Archive for November, 2016

Learning To Write By The Big Guys

Have you seen the ads, on Facebook but elsewhere too, where some of the best known names in writing say they will teach you to write?  In some cases they even say they will teach you to write like them?  Most of those “lessons” or “studies” are probably real.  In most cases these are not bogus or scams, and I suspect they are legitimate, and in all probability they really will teach you how to write, but you should think twice before you sign up.  There’s a fallacy in that advertising.

I’ve blogged on this topic before, but I believe it bears repeating.  A big-name author who’s sold lots of books can certainly teach you how to write.  Of that there’s no doubt.  The real problem with these courses that promise that you will be able to write like the famous author, is that no one, not even the most famous author in the world, can teach you to write exactly like him or her.

These ads always remind me of an episode of “Seinfeld,” where Jerry, who has to take a lie detector test, asks his friend George, an extremely duplicitous person whose life revolves around something like twenty different lies, to teach him how to lie.  “I can’t do it, Jerry,” George says.  “It would be like asking Pavarotti to teach you how to sing like him.”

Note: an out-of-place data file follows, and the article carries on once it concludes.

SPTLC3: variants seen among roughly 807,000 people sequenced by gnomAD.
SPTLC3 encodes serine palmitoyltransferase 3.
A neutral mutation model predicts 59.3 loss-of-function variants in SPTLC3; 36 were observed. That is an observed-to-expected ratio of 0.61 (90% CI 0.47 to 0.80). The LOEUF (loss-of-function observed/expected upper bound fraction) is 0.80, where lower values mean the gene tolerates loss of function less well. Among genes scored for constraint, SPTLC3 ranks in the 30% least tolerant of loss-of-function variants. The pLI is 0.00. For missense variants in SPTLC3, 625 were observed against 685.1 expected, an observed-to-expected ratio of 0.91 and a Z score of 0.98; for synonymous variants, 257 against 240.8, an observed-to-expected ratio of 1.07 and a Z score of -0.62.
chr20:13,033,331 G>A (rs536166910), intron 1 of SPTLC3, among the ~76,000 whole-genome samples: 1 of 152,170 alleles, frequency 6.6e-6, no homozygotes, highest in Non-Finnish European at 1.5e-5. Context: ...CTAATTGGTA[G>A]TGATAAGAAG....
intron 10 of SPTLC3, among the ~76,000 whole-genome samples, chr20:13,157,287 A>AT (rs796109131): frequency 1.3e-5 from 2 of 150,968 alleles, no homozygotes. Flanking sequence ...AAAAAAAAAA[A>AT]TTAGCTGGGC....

Oddly enough, the dissembling George has a good point.  No matter how well you can sing, neither Pavarotti nor any other music teacher will be able to teach you to sing as well as he does.  The amount of talent you have is unimportant.  Pavarotti is Pavarotti, and you are you.  (Considering that Pavarotti passed away in 2007, before that episode of Seinfeld was made, he won’t be teaching you anything anyway.)

Writing is the same.  Or similar anyway.  A big name in literary circles can teach you the basics, and can even teach you many of his/her “tricks of the trade.”  And you might be able to take away from his/her course a wealth of knowledge about writing, and even eventually write best-sellers and win prizes galore.  But you will never write “like him/her.”  You are you, and don’t you forget it.  The placing of words on a piece of paper or a computer screen is a highly personal and unique matter.  It is that sequence of words that individualizes a writer.  You will never put down the same sequence of words that a famous writer would do under the same circumstances.  It makes the difference between, say, Hemingway and Proust.

Even if you wanted to, you shouldn’t write like someone else.  Nor should you even try.  Stick with your own style.  Do your own thing.  Learn the basics and even learn the advanced stuff in writing, but keep to yourself.  You’ll be doing yourself and us a favor.

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